1. Pediatric patients with moderate to severe atopic dermatitis (AD) were more likely to have an elevated body-mass index (BMI) for their age and sex reference range than patients without the disease.
2. Severe AD in pediatric patients was associated with elevated systolic blood pressure.
Evidence Rating Level: 2 (Good)
Study Rundown: Atopic dermatitis is a chronic inflammatory skin disease characterized by pruritus and increased morbidity. Previous studies have suggested an association between obesity and inflammatory skin disorders, namely psoriasis. Authors of this study sought to investigate whether pediatric AD patients had high rates of central obesity and elevated blood pressure (BP). Results showed that severe AD was associated with (1) higher BP for age and sex percentiles, (2) age and sex-matched BMI ≥97th percentile, and (3) waist circumference ≥85th percentile. The study’s strengths were its prospective study design and the varied metrics used to assess adiposity. Its limitations were that measured BP was based on a single reading, the healthy control arm had a statistically significant difference in median age as compared to the AD arm, and that all potential confounders may not have been controlled for including duration of topical and systemic treatments.
Relevant Reading: Obesity is associated with increased atopic dermatitis in adulthood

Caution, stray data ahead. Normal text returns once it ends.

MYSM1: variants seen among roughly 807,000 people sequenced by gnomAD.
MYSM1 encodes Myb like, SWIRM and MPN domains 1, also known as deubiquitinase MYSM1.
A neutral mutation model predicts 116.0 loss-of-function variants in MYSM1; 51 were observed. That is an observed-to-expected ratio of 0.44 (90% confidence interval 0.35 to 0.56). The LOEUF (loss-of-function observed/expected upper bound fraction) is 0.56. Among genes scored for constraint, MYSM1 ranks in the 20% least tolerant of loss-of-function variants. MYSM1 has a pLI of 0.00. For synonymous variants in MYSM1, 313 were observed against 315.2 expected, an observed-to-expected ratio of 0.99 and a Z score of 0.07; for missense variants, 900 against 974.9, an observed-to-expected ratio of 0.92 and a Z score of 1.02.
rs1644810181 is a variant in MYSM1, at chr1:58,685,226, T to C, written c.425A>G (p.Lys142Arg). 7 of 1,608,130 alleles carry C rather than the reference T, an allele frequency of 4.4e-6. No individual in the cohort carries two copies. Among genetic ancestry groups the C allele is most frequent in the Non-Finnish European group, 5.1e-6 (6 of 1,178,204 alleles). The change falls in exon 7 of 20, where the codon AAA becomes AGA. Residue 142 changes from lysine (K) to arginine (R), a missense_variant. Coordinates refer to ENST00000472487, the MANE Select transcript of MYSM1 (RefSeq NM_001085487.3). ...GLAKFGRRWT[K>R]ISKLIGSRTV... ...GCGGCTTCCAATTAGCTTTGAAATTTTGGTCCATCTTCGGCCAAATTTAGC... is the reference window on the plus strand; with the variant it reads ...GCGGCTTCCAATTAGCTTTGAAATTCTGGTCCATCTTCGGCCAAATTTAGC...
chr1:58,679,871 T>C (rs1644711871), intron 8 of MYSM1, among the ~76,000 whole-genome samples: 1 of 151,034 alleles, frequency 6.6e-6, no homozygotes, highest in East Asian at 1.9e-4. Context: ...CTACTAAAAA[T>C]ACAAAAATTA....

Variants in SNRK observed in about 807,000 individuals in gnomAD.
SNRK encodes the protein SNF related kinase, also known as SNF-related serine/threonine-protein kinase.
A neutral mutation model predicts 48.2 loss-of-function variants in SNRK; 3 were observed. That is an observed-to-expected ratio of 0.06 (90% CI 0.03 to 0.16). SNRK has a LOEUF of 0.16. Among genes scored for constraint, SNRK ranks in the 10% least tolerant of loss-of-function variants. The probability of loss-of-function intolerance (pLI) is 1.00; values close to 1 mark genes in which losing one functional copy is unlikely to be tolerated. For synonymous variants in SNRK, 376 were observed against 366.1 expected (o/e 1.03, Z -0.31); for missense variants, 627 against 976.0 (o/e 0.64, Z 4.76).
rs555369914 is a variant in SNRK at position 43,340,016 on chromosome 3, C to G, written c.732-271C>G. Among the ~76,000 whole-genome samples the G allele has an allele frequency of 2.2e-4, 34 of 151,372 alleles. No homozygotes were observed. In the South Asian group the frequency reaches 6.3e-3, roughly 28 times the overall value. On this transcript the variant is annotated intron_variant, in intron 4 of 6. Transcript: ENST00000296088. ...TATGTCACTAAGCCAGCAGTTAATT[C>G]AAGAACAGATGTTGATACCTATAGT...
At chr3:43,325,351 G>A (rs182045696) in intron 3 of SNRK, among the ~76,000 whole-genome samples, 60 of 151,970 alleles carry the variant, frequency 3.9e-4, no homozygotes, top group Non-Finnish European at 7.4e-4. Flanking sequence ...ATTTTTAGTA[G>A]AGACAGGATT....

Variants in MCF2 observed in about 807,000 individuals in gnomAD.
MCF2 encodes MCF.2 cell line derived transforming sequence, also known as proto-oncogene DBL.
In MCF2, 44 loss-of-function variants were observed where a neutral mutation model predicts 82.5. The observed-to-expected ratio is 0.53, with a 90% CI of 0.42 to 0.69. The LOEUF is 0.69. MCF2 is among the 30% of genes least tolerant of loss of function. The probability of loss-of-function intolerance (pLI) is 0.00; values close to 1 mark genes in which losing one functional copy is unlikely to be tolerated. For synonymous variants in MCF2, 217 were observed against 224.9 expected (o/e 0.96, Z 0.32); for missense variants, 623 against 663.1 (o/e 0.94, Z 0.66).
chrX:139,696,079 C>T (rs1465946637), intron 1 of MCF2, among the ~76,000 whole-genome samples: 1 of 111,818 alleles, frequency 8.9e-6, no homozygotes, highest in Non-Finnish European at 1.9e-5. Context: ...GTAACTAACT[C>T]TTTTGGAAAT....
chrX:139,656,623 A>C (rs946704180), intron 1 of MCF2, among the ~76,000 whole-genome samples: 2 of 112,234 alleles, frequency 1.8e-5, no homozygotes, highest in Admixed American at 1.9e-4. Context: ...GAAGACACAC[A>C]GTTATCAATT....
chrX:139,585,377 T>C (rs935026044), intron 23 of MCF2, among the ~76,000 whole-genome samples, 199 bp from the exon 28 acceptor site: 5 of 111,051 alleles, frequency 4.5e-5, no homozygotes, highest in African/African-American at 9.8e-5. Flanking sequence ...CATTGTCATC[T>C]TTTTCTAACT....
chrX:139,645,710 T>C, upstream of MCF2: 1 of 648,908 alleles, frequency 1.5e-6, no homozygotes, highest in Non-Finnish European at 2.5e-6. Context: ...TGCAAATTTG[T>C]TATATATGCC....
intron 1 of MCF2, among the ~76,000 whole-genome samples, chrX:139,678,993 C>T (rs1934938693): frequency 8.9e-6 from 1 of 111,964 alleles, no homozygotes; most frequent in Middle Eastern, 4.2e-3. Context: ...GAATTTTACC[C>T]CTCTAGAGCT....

In-Depth [case-control study]: In this multi-center study, 132 pediatric patients aged 4-17 were recruited with moderate to severe AD as diagnosed by a dermatologist and compared with 143 control patients without the disease that were race/ethnicity and sex-matched. Patients with AD were significantly younger and shorter than controls (P=.03 and P=.01, respectively). Moderate-to-severe AD was associated with BMI ≥97th percentile with an odds ratio (OR) of 2.64; 95% CI, 1.15-6.06. Both univariate and multivariate analysis showed an association between central obesity as measured by both waist circumference ≥85 percentile (OR, 3.92; 95% CI, 1.50-10.26), and weight-to-height ratio of ≥0.5 (OR, 2.22; 95% CI, 1.10-4.50). After controlling for demographics, BMI, and anytime treatment with prednisone or cyclosporine, multivariate models showed that AD was associated with a systolic BP of ≥90 percentile (OR, 2.55; 95% CI, 1.10-5.91). AD also correlated with a family history of hypertension and type II diabetes mellitus, albeit not with family history of obesity or hyperlipidemia.
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